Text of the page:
{ "name": "sandra", "friends": [ "bob" ] },
  { "name": "yves", "friends": [ "sergei" ] }

A number of elements can also be skipped and up to n returned:

FOR u IN users
  RETURN { name: u.name, friends: u.friends[* LIMIT 1,2].name }

The example query skips the first friend and returns two friends at most per user:

  { "name": "john", "friends": [ "helga", "alfred" ] },
  { "name": "sandra", "friends": [ "elena" ] },
  { "name": "yves", "friends": [ "tiffany" ] }

Inline projection

To return a projection of the current element, use RETURN. If a FILTER is also present, RETURN must come later.

FOR u IN users
  RETURN u.friends[* RETURN CONCAT(CURRENT.name, " is a friend of ", u.name)]

The above will return:

    "tina is a friend of john",
    "helga is a friend of john",
    "alfred is a friend of john"
    "sergei is a friend of yves",
    "tiffany is a friend of yves"
    "bob is a friend of sandra",
    "elena is a friend of sandra"

Question mark operator

You can use the [? ... ] operator on arrays to check whether the elements fulfill certain criteria, and you can specify how often they should be satisfied. The operator is similar to an inline filter but with an additional length check and it evaluates to true or false.

The following example shows how to check whether two of numbers in the array are even:

LET arr = [ 1, 2, 3, 4 ]
RETURN arr[? 2 FILTER CURRENT % 2 == 0] // true

The number 2 after the ? is the quantifier. It is optional and defaults to ANY. The following quantifiers are supported:

  • Integer numbers for exact quantities (e.g. 2)
  • Number ranges for a quantity between the two values (e.g. 2..3)
  • NONE (equivalent to 0)
  • ANY
  • ALL

The quantifier needs to be followed by a FILTER operation if you want to specify conditions. You can refer to the current array element via the CURRENT pseudo-variable in the filter expression. If you leave out the quantifier and FILTER operation (only arr[?]), then arr is checked whether it is an array and if it has at least one element.

The question mark operator is a shorthand for an inline filter with a surrounding length check. The following table compares both variants:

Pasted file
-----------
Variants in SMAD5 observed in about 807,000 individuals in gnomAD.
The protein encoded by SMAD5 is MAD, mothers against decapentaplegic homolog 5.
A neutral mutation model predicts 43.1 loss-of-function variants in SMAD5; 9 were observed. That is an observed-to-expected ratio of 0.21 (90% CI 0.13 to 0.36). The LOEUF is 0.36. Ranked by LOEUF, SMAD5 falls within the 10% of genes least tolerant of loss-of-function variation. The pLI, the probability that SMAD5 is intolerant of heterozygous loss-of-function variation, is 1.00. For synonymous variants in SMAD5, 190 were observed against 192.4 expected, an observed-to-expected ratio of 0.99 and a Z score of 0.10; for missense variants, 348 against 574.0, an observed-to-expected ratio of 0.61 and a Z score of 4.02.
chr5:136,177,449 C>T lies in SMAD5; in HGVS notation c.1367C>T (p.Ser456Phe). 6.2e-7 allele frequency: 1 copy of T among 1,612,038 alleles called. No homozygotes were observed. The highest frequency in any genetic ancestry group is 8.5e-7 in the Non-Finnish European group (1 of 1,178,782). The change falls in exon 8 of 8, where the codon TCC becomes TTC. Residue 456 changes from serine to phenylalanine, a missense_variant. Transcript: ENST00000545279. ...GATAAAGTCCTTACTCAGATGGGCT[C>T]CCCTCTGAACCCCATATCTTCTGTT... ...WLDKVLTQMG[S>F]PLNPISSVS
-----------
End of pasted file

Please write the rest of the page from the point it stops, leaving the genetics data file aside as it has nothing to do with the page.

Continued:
Question mark operatorInline filter with length check
arr[? <number> FILTER <conditions>]LENGTH(arr[* FILTER <conditions>]) == <number>
arr[? <min>..<max> FILTER <conditions>]IN_RANGE(LENGTH(arr[* FILTER <conditions>]), <min>, <max>, true, true)
arr[? NONE FILTER <conditions>]LENGTH(arr[* FILTER <conditions>]) == 0
arr[? ANY FILTER <conditions>]LENGTH(arr[* FILTER <conditions>]) > 0
arr[? ALL FILTER <conditions>]LENGTH(arr[* FILTER <conditions>]) == LENGTH(arr)
arr[? AT LEAST (<number>) FILTER <conditions>]LENGTH(arr[* FILTER <conditions>]) >= <number>
arr[?]LENGTH(arr[*]) > 0

The question mark operator can be used for nested search (Enterprise Edition only):

Operator precedence

The operator precedence in AQL is similar as in other familiar languages (highest precedence first):

::scope (user-defined AQL functions)
[*]array expansion
[]indexed value access (of arrays)
.member access (of objects)
()function call
!, NOT, +, -unary not (logical negation), unary plus, unary minus
*, /, %multiplication, division, modulus
+, -addition, subtraction
..range operator
<, <=, >=, >less than, less equal, greater equal, greater than
IN, NOT INin operator, not in operator
==, !=, LIKE, NOT LIKE, =~, !~equality, inequality, wildcard match, wildcard non-match, regex match, regex non-match
AT LEASTat least modifier (array comparison operator, question mark operator)
OUTBOUND, INBOUND, ANY, ALL, NONEgraph traversal directions, array comparison operators, question mark operator
&&, ANDlogical and
INTOinto operator (INSERT / UPDATE / REPLACE / REMOVE / COLLECT operations)
WITHwith operator (WITH / UPDATE / REPLACE / COLLECT operations)
=variable assignment (LET / COLLECT operations, AGGREGATE / PRUNE clauses)
?, :ternary operator, object literals
DISTINCTdistinct modifier (RETURN operations)
,comma separator

The parentheses ( and ) can be used to enforce a different operator evaluation order.